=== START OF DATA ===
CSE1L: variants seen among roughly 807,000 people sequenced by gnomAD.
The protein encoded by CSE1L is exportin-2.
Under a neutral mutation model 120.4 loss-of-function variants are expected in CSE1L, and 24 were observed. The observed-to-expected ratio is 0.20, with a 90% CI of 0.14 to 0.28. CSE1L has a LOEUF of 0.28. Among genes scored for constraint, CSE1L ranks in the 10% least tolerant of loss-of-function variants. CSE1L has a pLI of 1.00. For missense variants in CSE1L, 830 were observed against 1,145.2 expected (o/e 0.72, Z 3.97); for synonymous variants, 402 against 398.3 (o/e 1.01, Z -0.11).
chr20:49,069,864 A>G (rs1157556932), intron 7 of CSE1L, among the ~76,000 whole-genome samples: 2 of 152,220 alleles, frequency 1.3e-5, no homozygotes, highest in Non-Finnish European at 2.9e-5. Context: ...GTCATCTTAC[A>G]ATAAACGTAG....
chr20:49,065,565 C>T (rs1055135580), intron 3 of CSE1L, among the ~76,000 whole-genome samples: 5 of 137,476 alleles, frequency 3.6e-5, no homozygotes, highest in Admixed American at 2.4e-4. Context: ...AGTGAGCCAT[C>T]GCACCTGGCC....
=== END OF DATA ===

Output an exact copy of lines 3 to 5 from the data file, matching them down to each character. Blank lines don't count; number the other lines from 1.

Under a neutral mutation model 120.4 loss-of-function variants are expected in CSE1L, and 24 were observed. The observed-to-expected ratio is 0.20, with a 90% CI of 0.14 to 0.28. CSE1L has a LOEUF of 0.28. Among genes scored for constraint, CSE1L ranks in the 10% least tolerant of loss-of-function variants. CSE1L has a pLI of 1.00. For missense variants in CSE1L, 830 were observed against 1,145.2 expected (o/e 0.72, Z 3.97); for synonymous variants, 402 against 398.3 (o/e 1.01, Z -0.11).
chr20:49,069,864 A>G (rs1157556932), intron 7 of CSE1L, among the ~76,000 whole-genome samples: 2 of 152,220 alleles, frequency 1.3e-5, no homozygotes, highest in Non-Finnish European at 2.9e-5. Context: ...GTCATCTTAC[A>G]ATAAACGTAG....
chr20:49,065,565 C>T (rs1055135580), intron 3 of CSE1L, among the ~76,000 whole-genome samples: 5 of 137,476 alleles, frequency 3.6e-5, no homozygotes, highest in Admixed American at 2.4e-4. Context: ...AGTGAGCCAT[C>T]GCACCTGGCC....